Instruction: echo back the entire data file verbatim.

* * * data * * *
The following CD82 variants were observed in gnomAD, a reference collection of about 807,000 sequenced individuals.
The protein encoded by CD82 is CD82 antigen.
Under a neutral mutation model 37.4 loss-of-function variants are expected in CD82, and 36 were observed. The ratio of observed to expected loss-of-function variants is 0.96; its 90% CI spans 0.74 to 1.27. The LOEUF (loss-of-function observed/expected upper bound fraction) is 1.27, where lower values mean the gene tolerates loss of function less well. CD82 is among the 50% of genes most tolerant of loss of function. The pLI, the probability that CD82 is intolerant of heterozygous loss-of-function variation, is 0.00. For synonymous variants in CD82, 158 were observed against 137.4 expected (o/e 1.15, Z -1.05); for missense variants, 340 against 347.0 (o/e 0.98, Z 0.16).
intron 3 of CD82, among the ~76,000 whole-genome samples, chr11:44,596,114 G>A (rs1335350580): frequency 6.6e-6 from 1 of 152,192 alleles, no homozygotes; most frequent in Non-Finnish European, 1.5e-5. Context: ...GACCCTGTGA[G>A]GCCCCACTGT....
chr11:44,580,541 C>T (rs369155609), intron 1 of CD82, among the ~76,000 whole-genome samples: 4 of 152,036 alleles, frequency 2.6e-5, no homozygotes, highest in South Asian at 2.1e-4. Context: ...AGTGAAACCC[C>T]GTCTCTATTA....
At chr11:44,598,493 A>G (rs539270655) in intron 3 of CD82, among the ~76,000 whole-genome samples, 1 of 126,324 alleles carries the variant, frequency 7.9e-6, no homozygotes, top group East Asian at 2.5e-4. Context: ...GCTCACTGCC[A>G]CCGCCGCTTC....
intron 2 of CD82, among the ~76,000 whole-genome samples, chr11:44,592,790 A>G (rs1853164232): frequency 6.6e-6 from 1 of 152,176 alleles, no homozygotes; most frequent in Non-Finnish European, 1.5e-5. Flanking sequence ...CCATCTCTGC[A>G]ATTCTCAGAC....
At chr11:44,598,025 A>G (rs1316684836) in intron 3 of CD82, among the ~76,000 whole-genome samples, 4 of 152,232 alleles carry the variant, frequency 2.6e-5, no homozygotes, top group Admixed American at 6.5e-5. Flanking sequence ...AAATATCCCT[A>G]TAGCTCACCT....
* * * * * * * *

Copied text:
The following CD82 variants were observed in gnomAD, a reference collection of about 807,000 sequenced individuals.
The protein encoded by CD82 is CD82 antigen.
Under a neutral mutation model 37.4 loss-of-function variants are expected in CD82, and 36 were observed. The ratio of observed to expected loss-of-function variants is 0.96; its 90% CI spans 0.74 to 1.27. The LOEUF (loss-of-function observed/expected upper bound fraction) is 1.27, where lower values mean the gene tolerates loss of function less well. CD82 is among the 50% of genes most tolerant of loss of function. The pLI, the probability that CD82 is intolerant of heterozygous loss-of-function variation, is 0.00. For synonymous variants in CD82, 158 were observed against 137.4 expected (o/e 1.15, Z -1.05); for missense variants, 340 against 347.0 (o/e 0.98, Z 0.16).
intron 3 of CD82, among the ~76,000 whole-genome samples, chr11:44,596,114 G>A (rs1335350580): frequency 6.6e-6 from 1 of 152,192 alleles, no homozygotes; most frequent in Non-Finnish European, 1.5e-5. Context: ...GACCCTGTGA[G>A]GCCCCACTGT....
chr11:44,580,541 C>T (rs369155609), intron 1 of CD82, among the ~76,000 whole-genome samples: 4 of 152,036 alleles, frequency 2.6e-5, no homozygotes, highest in South Asian at 2.1e-4. Context: ...AGTGAAACCC[C>T]GTCTCTATTA....
At chr11:44,598,493 A>G (rs539270655) in intron 3 of CD82, among the ~76,000 whole-genome samples, 1 of 126,324 alleles carries the variant, frequency 7.9e-6, no homozygotes, top group East Asian at 2.5e-4. Context: ...GCTCACTGCC[A>G]CCGCCGCTTC....
intron 2 of CD82, among the ~76,000 whole-genome samples, chr11:44,592,790 A>G (rs1853164232): frequency 6.6e-6 from 1 of 152,176 alleles, no homozygotes; most frequent in Non-Finnish European, 1.5e-5. Flanking sequence ...CCATCTCTGC[A>G]ATTCTCAGAC....
At chr11:44,598,025 A>G (rs1316684836) in intron 3 of CD82, among the ~76,000 whole-genome samples, 4 of 152,232 alleles carry the variant, frequency 2.6e-5, no homozygotes, top group Admixed American at 6.5e-5. Flanking sequence ...AAATATCCCT[A>G]TAGCTCACCT....